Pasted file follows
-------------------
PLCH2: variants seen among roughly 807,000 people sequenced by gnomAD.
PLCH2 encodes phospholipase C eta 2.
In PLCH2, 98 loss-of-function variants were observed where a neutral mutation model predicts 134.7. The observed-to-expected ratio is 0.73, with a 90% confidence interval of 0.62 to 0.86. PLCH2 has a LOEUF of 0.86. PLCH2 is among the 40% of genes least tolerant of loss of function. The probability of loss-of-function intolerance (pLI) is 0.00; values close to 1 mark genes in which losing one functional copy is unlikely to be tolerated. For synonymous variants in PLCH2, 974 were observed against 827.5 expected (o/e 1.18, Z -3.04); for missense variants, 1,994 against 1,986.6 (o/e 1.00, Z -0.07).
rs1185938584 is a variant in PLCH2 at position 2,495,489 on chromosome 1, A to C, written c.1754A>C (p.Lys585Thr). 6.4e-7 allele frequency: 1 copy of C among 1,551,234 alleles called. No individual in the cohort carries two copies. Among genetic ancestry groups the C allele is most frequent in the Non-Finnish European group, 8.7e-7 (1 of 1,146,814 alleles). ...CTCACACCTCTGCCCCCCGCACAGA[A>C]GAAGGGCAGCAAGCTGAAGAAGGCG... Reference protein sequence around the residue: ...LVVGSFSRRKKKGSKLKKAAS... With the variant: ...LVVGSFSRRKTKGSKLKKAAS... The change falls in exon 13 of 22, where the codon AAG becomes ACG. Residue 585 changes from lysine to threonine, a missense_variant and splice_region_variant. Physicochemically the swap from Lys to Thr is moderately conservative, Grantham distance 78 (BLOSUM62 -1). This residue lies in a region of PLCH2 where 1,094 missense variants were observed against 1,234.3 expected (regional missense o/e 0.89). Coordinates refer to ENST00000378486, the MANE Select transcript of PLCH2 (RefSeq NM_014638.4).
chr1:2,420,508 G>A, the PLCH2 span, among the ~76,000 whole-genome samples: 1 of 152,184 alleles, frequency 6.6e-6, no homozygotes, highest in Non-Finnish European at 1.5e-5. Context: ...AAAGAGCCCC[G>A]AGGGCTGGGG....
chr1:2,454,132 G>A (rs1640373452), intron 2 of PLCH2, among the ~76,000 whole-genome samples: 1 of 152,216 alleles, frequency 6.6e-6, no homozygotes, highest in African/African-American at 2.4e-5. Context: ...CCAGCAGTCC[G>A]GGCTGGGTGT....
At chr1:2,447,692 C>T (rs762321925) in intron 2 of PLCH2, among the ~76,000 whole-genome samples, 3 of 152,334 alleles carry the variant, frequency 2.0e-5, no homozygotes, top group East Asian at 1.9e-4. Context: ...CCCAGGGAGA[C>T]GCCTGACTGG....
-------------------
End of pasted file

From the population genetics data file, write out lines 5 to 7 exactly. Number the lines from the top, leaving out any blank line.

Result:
chr1:2,420,508 G>A, the PLCH2 span, among the ~76,000 whole-genome samples: 1 of 152,184 alleles, frequency 6.6e-6, no homozygotes, highest in Non-Finnish European at 1.5e-5. Context: ...AAAGAGCCCC[G>A]AGGGCTGGGG....
chr1:2,454,132 G>A (rs1640373452), intron 2 of PLCH2, among the ~76,000 whole-genome samples: 1 of 152,216 alleles, frequency 6.6e-6, no homozygotes, highest in African/African-American at 2.4e-5. Context: ...CCAGCAGTCC[G>A]GGCTGGGTGT....
At chr1:2,447,692 C>T (rs762321925) in intron 2 of PLCH2, among the ~76,000 whole-genome samples, 3 of 152,334 alleles carry the variant, frequency 2.0e-5, no homozygotes, top group East Asian at 1.9e-4. Context: ...CCCAGGGAGA[C>T]GCCTGACTGG....